19. phil Says:

    how long was the recovery time for malrotation surgery

  20. sam Says:

    how long is malrotation surgery and whats the recovery time

  21. gemma Says:

    My beautiful baby boy sonny passed away at 4 days with volvulus just 3 weeks ago! I feel that we were let down by or hospital. When he was born he was a health boy weighing 10lbs 1.5oz, for 24 he would not feed and just slept! For a big baby we thought this was odd but were told he was fin! Before my partner left that evening sonny vomited blood yet again nurse told us it was ok! That night the nurses still tried to force cup feed him, his stomach was like a rock, i cried with concern! Finally 36 hours after birth he was brought to neo united but the didnt know what was wrong, 12 hours later he was transferred to crumlin childrens hospital where the brought him for surgery unfortunately his bowel was very much twisted! Two days later he went for another surgery to see if the bowel was getting blood….we were then meet with the devastating news that nothing could be done for our baby and we had to say our goodbyes. Im so angry that he was left to go so far and was not giving the chance of life! Ive so many questions but no answers that i need to grieve! This cannot happen to another family!

  22. Karla Says:

    Hi, my name is Karla, i am a mother of two :), my sweet angel Nicolas went to heaven at age 4, after a few hours of abdominal pain, the results came 2 days later with his autopsy report, he had intestinal malrotation and volvulus occurred while we were on our vacations at Davis, CA. Finding out the way we did, was so hard and complicated, as you all talked about, we’ve never heard of that birth defect before, we had 4 amazing years with him, with no signs of this disease, sometimes it seems unreal. After his death, they also found out he had another intestinal problems, due to this malformation. We never knew :(. Right now we are waiting for baby number two, a little girl. We’ve had all kinds of exams we’ve been recommended, nevertheless, Drs keep telling us there is no 100% positive exam that can assure us, this baby will not come with the same condition. We have met every kind of doctors, and some of them are not that familiar with this malformation. We think is very important to start making conscious to other people about this, and to have the correct examination in fetus or newborns about this fatal condition, and that doctors take more serius about stomach aches. With this new baby we have lots of questions and insecurity, we are trying to face about this disease. If any of you need more information about my son’s case, or if i could help you in anyway, please let me know.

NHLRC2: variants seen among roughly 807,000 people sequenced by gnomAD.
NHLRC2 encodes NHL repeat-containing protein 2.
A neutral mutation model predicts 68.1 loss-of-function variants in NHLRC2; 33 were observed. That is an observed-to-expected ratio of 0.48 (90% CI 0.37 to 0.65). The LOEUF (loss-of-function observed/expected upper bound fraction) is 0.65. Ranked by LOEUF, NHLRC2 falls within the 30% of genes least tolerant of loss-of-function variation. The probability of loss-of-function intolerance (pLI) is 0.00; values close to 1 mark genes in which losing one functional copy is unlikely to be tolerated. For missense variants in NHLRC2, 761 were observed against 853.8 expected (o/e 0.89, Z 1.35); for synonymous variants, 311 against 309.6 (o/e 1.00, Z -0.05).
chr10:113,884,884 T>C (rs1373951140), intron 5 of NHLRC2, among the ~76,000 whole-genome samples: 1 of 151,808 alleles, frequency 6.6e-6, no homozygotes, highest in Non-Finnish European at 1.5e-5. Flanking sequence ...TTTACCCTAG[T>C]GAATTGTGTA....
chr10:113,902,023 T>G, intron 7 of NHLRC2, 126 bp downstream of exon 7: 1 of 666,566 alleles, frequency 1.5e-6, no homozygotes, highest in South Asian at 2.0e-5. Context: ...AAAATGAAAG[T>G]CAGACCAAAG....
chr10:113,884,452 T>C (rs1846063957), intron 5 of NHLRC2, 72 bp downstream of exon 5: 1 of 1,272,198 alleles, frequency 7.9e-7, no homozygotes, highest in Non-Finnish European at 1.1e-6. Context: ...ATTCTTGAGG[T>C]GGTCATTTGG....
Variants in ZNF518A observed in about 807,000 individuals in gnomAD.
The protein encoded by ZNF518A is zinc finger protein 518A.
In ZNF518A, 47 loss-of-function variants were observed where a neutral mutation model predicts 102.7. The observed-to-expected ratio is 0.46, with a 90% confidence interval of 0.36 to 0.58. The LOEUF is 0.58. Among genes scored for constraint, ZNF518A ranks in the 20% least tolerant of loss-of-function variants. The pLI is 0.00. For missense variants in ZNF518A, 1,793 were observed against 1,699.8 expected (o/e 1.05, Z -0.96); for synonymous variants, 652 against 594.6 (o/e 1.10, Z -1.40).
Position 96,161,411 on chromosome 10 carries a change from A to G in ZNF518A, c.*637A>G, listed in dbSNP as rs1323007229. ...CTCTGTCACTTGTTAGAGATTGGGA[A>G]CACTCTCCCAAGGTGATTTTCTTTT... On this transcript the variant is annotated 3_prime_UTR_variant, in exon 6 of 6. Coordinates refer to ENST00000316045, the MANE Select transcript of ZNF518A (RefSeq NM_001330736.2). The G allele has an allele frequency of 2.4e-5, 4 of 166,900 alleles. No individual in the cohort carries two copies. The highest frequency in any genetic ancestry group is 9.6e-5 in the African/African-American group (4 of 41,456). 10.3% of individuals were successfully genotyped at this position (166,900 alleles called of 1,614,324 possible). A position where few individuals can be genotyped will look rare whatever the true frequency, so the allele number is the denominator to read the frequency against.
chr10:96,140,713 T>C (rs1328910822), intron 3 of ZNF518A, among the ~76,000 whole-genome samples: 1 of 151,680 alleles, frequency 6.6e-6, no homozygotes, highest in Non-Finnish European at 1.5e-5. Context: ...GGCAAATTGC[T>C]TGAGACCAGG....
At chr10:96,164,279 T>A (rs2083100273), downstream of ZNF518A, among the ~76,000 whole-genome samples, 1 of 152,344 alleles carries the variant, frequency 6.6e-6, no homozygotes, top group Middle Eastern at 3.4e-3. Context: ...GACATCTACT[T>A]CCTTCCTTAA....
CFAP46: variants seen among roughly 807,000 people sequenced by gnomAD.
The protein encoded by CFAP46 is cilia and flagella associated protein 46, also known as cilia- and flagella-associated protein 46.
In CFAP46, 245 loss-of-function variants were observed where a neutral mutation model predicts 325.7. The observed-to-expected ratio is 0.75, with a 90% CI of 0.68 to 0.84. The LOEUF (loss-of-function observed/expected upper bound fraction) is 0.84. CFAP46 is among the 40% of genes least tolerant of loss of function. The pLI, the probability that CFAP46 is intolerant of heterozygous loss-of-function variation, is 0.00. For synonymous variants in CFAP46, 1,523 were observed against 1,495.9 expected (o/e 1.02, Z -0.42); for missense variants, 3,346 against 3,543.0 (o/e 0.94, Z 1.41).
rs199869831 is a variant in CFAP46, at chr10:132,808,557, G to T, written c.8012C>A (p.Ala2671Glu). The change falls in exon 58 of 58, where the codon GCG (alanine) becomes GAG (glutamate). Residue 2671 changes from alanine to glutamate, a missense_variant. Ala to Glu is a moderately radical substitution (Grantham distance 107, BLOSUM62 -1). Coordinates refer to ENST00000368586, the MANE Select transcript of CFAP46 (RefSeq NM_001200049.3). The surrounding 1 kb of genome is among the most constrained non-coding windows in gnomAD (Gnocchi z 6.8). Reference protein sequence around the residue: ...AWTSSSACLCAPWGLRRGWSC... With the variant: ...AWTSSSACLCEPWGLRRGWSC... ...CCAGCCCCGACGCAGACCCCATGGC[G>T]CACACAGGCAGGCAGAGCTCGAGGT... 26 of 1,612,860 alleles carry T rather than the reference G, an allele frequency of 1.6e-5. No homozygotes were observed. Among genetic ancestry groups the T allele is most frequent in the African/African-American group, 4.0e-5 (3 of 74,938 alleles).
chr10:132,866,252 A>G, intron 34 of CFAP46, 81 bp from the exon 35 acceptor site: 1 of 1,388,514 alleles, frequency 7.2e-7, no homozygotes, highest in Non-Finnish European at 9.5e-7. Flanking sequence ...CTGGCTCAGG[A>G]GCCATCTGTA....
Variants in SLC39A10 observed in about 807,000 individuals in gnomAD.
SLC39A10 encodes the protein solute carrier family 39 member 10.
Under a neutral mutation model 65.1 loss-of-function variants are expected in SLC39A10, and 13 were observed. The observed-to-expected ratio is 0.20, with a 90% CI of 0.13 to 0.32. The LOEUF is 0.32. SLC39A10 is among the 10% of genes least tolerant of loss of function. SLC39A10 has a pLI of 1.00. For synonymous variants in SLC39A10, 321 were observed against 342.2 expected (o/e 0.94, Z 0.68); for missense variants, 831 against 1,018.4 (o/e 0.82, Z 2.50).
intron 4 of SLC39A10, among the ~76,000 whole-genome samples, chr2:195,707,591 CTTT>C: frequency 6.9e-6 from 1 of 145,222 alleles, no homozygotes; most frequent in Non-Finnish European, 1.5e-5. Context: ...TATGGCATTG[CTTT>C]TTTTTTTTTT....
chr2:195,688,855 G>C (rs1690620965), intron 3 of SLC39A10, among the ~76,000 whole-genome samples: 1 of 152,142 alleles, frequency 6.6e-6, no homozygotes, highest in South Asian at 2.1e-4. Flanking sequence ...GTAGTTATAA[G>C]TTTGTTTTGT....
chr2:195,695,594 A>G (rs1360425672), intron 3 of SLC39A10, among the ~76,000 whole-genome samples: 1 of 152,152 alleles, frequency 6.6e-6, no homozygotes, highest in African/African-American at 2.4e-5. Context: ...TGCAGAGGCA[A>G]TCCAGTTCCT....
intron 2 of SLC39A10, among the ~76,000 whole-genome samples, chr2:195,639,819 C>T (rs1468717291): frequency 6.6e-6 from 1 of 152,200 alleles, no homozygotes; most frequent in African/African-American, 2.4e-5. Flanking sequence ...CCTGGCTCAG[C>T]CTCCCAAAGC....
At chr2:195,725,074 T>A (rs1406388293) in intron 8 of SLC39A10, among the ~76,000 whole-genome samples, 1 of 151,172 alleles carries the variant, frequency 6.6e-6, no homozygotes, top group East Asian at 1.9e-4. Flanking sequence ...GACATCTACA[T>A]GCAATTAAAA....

Love

    Karla

  23. Lhassa Says:

    I need to figure out how to get Laura’s e-mail or websight.she said we could get ahold of her if we had questions,I think my grandson may have intestinal malrotation,Thank you so much